Epidermolysis bullosa

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Epidermolysis bullosa
Iraqi-boy-epidermolysis bullosa-090216-M-8096M-001.jpg
A five-year-old boy with congenital epidermolysis bullosa
Specialty Dermatology

Epidermolysis bullosa (EB) is a group of mainly inherited connective tissue diseases that cause blisters in the skin and mucosal membranes, with an incidence of 20 per million newborns in the United States.[1] It is a result of a defect in anchoring between the epidermis and dermis, resulting in friction and skin fragility. Its severity ranges from mild to lethal.

The condition was brought to public attention in 2004 in the UK through the Channel 4 documentary The Boy Whose Skin Fell Off, chronicling the life and death of Jonny Kennedy, an Englishman with EB.[2] In the United States, the same could be said of the HBO documentary My Flesh and Blood from 2003.[citation needed]

"Butterfly Children" is a term often used to describe younger patients (because the skin is said to be as fragile as a butterfly’s wings),[3] "Cotton Wool Babies",[4][5] or (in South America) as "Crystal Skin Children".[6]


Epidermolysis bullosa refers to a group of disorders that involve the formation of blisters following trivial trauma. Over 300 mutations have been identified in this condition.[7] They have been classified into the following types:[8][9]:596

Epidermolysis bullosa simplex[edit]

Epidermolysis bullosa simplex is a form of epidermolysis bullosa that causes blisters at the site of rubbing. It typically affects the hands and feet, and is typically inherited in an autosomal dominant manner, affecting the keratin genes KRT5 and KRT14.

Junctional epidermolysis bullosa[edit]

Junctional epidermolysis bullosa is an inherited disease affecting laminin and collagen. This disease is characterised by blister formation within the lamina lucida of the basement membrane zone[9]:599 and is inherited in an autosomal recessive manner. It also presents with blisters at the site of friction, especially on the hands and feet, and has variants that can occur in children and adults. Less than one person per million people is estimated to have this form of epidemolysis bullosa.[10]

Dystrophic epidermolysis bullosa[edit]

Dystrophic epidermolysis bullosa is an inherited variant affecting the skin and other organs. "Butterfly children" is the term given to those born with the disease, as their skin is seen to be as delicate and fragile as a butterfly's wings. Dystrophic epidermolysis bullosa is caused by genetic defects (or mutations) within the human COL7A1 gene encoding the protein type VII collagen (collagen VII).[11] DEB-causing mutations can be either autosomal dominant or autosomal recessive. Epidermis bullosa pruriginosa and Albopapuloid epidermolysis bullosa (Pasini's disease) are rare subtypes of this disease.[12]

Other genetic[edit]

OMIM Name Locus Gene
609638 epidermolysis bullosa, lethal acantholytic 6p24 DSP

Epidermolysis bullosa acquisita[edit]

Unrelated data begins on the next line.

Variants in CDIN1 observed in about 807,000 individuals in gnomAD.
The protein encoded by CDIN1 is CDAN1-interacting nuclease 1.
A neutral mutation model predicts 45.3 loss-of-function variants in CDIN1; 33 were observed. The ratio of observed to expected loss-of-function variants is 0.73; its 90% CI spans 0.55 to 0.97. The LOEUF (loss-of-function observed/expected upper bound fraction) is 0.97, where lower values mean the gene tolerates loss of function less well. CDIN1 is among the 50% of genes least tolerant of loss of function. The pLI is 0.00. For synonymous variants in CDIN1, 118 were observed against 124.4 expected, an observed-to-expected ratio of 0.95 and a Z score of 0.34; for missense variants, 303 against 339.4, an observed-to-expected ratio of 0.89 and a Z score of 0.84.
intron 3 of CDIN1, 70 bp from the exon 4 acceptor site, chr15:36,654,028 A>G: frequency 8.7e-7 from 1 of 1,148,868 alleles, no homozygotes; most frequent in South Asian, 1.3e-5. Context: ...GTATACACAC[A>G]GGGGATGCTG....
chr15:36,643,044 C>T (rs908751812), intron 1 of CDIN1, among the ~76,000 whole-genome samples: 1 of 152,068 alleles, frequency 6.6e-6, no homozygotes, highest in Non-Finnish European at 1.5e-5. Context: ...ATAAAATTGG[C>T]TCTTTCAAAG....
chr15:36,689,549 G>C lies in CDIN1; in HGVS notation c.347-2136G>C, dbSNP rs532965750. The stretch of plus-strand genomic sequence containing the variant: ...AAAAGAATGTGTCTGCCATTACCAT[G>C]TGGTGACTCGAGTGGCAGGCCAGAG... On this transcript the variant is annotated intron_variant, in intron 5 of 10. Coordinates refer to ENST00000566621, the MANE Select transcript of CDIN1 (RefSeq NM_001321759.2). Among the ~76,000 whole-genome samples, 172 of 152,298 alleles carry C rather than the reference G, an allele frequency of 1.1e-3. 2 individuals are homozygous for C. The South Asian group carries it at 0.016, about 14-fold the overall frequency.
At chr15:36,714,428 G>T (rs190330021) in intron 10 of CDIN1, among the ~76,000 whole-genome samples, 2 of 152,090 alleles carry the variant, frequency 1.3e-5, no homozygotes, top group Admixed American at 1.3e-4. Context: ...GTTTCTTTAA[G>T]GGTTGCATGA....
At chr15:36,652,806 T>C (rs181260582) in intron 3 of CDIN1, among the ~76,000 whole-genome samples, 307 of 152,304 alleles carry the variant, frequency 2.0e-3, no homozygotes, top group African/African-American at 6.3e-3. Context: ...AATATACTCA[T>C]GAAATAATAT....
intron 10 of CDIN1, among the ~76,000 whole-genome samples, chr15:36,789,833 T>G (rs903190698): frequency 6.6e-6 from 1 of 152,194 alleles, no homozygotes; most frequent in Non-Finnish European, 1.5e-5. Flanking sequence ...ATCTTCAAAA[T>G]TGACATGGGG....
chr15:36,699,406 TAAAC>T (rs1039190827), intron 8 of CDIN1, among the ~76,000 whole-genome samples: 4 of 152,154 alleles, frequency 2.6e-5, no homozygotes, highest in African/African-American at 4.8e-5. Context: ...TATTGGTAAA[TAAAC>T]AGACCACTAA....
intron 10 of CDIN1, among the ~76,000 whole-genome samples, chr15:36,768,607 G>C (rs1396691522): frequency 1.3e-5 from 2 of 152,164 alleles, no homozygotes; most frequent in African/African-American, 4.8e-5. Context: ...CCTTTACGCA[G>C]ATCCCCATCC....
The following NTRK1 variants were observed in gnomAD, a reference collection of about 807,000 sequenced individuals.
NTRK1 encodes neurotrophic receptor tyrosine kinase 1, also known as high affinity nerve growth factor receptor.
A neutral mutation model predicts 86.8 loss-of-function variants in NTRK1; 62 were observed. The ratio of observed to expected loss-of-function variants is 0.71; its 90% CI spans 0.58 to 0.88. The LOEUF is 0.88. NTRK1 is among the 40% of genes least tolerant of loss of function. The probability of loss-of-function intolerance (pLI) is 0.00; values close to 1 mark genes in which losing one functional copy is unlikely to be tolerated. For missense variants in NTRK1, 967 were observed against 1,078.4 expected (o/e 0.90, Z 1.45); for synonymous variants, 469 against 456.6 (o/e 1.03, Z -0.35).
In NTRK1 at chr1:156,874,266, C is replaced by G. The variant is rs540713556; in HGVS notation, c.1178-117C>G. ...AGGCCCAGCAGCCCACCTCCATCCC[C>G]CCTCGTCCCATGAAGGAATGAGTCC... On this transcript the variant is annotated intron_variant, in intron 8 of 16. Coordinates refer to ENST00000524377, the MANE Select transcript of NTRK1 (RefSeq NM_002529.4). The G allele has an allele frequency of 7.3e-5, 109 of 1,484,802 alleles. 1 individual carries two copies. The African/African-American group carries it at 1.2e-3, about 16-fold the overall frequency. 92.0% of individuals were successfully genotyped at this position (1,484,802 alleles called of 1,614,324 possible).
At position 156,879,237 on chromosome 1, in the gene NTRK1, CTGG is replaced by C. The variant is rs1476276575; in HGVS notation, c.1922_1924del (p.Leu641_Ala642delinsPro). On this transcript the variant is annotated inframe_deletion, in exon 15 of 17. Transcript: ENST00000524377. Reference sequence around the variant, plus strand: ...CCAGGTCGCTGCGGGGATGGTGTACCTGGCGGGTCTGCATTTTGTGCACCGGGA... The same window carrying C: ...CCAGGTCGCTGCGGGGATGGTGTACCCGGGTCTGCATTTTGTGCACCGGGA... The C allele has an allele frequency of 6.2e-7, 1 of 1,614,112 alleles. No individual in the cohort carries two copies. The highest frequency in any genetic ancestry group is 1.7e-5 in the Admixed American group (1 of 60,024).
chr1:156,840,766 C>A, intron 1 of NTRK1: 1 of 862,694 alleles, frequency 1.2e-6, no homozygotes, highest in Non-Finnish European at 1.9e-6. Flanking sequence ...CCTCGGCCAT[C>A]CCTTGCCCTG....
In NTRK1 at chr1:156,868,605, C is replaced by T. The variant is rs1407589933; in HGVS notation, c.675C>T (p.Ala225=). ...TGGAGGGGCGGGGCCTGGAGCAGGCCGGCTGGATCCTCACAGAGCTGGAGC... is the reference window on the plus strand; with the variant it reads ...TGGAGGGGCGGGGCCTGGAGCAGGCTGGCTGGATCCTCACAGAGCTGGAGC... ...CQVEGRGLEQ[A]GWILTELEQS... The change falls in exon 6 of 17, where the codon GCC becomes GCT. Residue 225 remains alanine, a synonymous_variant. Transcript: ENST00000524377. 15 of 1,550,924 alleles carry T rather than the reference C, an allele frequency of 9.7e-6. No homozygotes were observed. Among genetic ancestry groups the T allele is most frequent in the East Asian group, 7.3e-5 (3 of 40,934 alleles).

Acral peeling[edit]


The human skin consists of two layers: an outermost layer called the epidermis and a layer underneath called the dermis. In individuals with healthy skin, there are protein anchors between these two layers that prevent them from moving independently from one another (shearing). In people born with EB, the two skin layers lack the protein anchors that hold them together, resulting in extremely fragile skin—even minor mechanical friction (like rubbing or pressure) or trauma will separate the layers of the skin and form blisters and painful sores. Sufferers of EB have compared the sores with third-degree burns. Furthermore, as a complication of the chronic skin damage, people suffering from EB have an increased risk of malignancies (cancers) of the skin.


Epidermolysis bullosa can be diagnosed either by a skin (punch) biopsy at the edge of a wound with immunofluorescent mapping, or via blood sample and genetic testing.


Treatment of the epidermolysis bullosa by transplantation of laminin5 modified stem cells

Recent research has focused on changing the mixture of keratins produced in the skin. There are 54 known keratin genes—of which 28 belong to the type I intermediate filament genes and 26 to type II—which work as heterodimers. Many of these genes share substantial structural and functional similarity, but they are specialized to cell type and/or conditions under which they are normally produced. If the balance of production could be shifted away from the mutated, dysfunctional keratin gene toward an intact keratin gene, symptoms could be reduced. For example, sulforaphane, a compound found in broccoli, was found to reduce blistering in a mouse model to the point where affected pups could not be identified visually, when injected into pregnant mice (5 µmol/day = 0.9 mg) and applied topically to newborns (1 µmol/day = 0.2 mg in jojoba oil).[13]

As of 2008 clinical research at the University of Minnesota has included a bone marrow transplant to a 2-year-old child who is one of 2 brothers with EB. The procedure was successful, strongly suggesting that a cure may have been found. A second transplant has also been performed on the child's older brother, and a third transplant is scheduled for a California baby. The clinical trial will ultimately include transplants to 30 subjects.[14] However, the severe immunosuppression that bone marrow transplantation requires causes a significant risk of serious infections in patients with large scale blisters and skin erosions.[15] Indeed, at least four patients have died in the course of either preparation for or institution of bone marrow transplantation for epidermolysis bullosa, out of only a small group of patients treated so far.[15]

A pilot study performed in 2015 suggests that systemic granulocyte-colony stimulating factor (G-CSF) may promote increased wound healing in patients with dystrophic epidermolysis bullosa. In this study seven patients with dystrophic epidermolysis bullosa were treated daily with subcutaneous G-CSF for six days and then re-evaluated on the seventh day. After six days of treatment with G-CSF, the size of the open lesions were reduced by a median of 75.5% and the number of blisters and erosions on the patients were reduced by a median of 36.6%.[16]